The showman should always know where the judge(s) is/are and keep his attention on him/them as much as possible. He needs to be able to position his animal quickly, quietly and return his attention to the judge(s). He needs to stay out of the judge's line of view of his own animal - the easy way to remember that is: keep the animal between you and the judge at all times. There is, of course, a small exception to the rule. When one must change to the other side of the animal there may be a brief moment when the showman passes between the judge and the animal, as one never goes over, under or behind the animal to change sides. The idea is that the showman must always be in control of the animal and only by going around its head can one be sure of maintaining that control. Also, in order to maintain control, the neckchain or collar (usually a chain is the required form of collar) should be of a proper length that it will not slip over the head easily and should be positioned up at the rear edge of the jaw and held up above the neck. When the animal is at the showman's side, the collar should be held in the hand closest to the goat's head.

When the showman and the animal come to a stop in the ring, unless it is for a very minor delay such as waiting for an animal to relieve itself, the animal should be set up for judging. While the entire group is leading in the circle around the judge, if one of the showmen has his animal refuse to proceed, the showmen behind this animal should stop at a reasonable distance until the judge indicates that they are to proceed around the animal. In breed classes this is left up to the discretion of the following showman, though unseemly haste should be avoided. The pace of the showman and their animals should be a dignified one to allow the judge to see the animals well. The showmen will circle with their goats until the judge indicates that s/he wants a lineup. Unless this is the first class of the day, the judge should rightfully expect the showman to have paid sufficient attention to prior classes to know what the lineup should be - head to tail or side by side - unless specifically instructed during the class. When setting up the animal, always set up the side closest to the judge first, then the side away from the judge. If the showman is doing it from the side of the animal, he reaches over its back to place the legs on the far side - one never reaches under the animal.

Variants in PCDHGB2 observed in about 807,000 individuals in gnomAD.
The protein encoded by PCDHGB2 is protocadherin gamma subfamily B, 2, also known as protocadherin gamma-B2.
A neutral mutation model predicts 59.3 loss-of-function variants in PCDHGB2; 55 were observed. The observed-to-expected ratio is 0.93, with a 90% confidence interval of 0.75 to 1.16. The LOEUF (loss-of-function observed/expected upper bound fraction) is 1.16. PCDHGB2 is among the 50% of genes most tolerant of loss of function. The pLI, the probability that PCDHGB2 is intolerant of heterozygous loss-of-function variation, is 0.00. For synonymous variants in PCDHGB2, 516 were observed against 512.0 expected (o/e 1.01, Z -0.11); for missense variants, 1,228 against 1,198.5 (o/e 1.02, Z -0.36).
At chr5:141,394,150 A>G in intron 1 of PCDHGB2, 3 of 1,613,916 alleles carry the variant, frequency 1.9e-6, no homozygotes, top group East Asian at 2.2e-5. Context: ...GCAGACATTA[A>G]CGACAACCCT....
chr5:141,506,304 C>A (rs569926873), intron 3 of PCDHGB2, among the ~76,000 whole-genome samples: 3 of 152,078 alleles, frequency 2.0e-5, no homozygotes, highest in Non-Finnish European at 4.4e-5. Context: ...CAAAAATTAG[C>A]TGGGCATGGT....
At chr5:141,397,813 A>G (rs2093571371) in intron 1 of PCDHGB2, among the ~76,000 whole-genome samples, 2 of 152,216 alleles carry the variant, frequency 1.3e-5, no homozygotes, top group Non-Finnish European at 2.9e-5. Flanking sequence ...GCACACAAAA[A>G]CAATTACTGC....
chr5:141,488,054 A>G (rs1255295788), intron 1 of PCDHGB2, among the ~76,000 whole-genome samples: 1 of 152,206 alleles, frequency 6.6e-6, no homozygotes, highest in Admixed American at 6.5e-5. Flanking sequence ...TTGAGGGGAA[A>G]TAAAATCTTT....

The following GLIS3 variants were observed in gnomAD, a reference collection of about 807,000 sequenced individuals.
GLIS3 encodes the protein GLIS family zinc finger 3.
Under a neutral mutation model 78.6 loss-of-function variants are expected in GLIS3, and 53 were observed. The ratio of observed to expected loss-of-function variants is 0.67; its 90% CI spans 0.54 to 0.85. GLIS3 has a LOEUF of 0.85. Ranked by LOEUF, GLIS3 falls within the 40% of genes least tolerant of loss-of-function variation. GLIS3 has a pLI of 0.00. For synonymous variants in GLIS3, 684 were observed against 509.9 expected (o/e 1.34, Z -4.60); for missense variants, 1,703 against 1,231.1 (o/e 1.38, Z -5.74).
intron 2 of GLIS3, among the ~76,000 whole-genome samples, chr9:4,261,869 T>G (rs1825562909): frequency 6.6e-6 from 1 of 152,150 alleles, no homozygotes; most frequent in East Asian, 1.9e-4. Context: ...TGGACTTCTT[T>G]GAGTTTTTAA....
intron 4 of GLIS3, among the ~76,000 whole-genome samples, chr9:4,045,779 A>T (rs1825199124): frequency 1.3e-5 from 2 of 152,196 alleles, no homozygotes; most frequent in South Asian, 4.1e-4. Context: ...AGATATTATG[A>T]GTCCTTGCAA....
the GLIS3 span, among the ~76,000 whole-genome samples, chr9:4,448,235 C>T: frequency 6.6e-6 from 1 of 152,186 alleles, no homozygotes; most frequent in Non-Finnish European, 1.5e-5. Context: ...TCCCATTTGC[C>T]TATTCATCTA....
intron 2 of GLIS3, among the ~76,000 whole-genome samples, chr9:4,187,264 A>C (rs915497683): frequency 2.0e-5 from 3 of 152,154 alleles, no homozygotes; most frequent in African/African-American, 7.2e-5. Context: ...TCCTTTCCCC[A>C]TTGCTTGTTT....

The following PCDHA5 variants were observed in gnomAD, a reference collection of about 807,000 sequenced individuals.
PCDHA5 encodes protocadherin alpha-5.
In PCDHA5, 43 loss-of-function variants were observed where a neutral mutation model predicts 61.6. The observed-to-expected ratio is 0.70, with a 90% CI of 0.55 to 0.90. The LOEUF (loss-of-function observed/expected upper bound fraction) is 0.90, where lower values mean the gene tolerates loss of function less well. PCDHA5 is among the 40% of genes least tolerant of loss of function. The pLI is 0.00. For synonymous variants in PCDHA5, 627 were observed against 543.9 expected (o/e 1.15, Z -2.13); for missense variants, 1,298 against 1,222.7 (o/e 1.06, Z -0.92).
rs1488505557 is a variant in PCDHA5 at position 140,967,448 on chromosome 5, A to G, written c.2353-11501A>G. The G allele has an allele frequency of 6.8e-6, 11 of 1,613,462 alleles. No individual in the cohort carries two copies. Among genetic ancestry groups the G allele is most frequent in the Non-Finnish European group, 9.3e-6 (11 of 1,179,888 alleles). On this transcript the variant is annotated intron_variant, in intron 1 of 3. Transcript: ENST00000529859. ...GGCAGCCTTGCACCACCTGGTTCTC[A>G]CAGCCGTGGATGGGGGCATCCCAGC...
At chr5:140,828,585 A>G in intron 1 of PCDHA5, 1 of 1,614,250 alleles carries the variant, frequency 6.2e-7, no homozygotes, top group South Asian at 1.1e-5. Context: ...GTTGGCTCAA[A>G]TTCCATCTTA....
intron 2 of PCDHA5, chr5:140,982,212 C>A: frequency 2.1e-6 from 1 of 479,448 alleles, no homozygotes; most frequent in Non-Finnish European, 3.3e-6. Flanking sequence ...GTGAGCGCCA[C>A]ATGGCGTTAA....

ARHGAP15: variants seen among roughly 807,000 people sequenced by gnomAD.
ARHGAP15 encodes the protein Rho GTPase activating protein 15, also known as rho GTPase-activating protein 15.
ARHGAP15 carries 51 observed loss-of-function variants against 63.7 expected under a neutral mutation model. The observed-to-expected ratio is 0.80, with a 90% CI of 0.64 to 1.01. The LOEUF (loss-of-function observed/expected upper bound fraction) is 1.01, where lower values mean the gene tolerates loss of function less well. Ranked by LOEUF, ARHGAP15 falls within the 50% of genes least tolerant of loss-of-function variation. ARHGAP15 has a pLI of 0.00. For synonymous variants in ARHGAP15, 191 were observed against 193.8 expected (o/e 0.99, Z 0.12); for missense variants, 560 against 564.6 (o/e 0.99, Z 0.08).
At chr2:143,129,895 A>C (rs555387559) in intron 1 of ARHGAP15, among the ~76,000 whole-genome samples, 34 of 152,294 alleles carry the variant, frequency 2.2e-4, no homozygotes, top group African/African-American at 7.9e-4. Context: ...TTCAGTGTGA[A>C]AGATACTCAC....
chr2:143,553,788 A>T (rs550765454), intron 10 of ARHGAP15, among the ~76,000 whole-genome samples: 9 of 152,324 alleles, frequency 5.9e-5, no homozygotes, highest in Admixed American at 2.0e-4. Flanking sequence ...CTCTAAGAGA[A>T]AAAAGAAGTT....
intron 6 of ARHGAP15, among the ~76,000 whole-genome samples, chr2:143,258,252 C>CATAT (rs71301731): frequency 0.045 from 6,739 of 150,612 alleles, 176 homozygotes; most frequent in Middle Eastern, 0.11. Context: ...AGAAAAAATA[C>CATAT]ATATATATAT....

The proper set-up for a dairy goat is nearly squared up. The front legs should be straight up and down when viewed from either the front or the side, with the hooves pointing straight ahead and toes together if possible. The rear legs should be set just slightly out from straight down. Only slightly out will keep from leaving a gap between the leg and the udder on an uddered animal, which is unflattering to the animal's side udder attachments. From the side, most judges would like to see the udder in front of the hind leg and behind the hind leg, equally divided if possible. The cannon bone section of the rear leg should be straight up and down directly in line with the pin bone. If the rear udder does not show from the side view, evaluate before the competition whether or not moving the leg forward a small amount improves the view without obstructing the judge's view of the foreudder attachments or putting the rear leg forward of straight up and down. When showing a dry animal, the rear legs might be stretched out slightly farther in either direction, but not to extreme. Be aware that a great deal of stretch may make the animal appear to toe out or dip in the chine. Keep the goat's head up and stretched forward without being uncomfortable for the animal. If the head is held too high, the back will frequently appear to be weak. Part of the job is for the showman to show that animal to its best advantage.

Most judges feel that a squatting position beside the goat while in the lineup provides the showman with the ability to keep control of the animal and stay as unobtrusive as possible while still being able to pay attention to the judge. In a tight side-by-side line that may not be practical and standing at the goat's side is called for. A small showman may not be able to squat if the size of their animal means that that position would jeopardize their control over it. While touching a knee to the ground does not cause instant loss of control, it is not a good idea and will generally result in a dirty knee, which may spoil a wonderful appearance.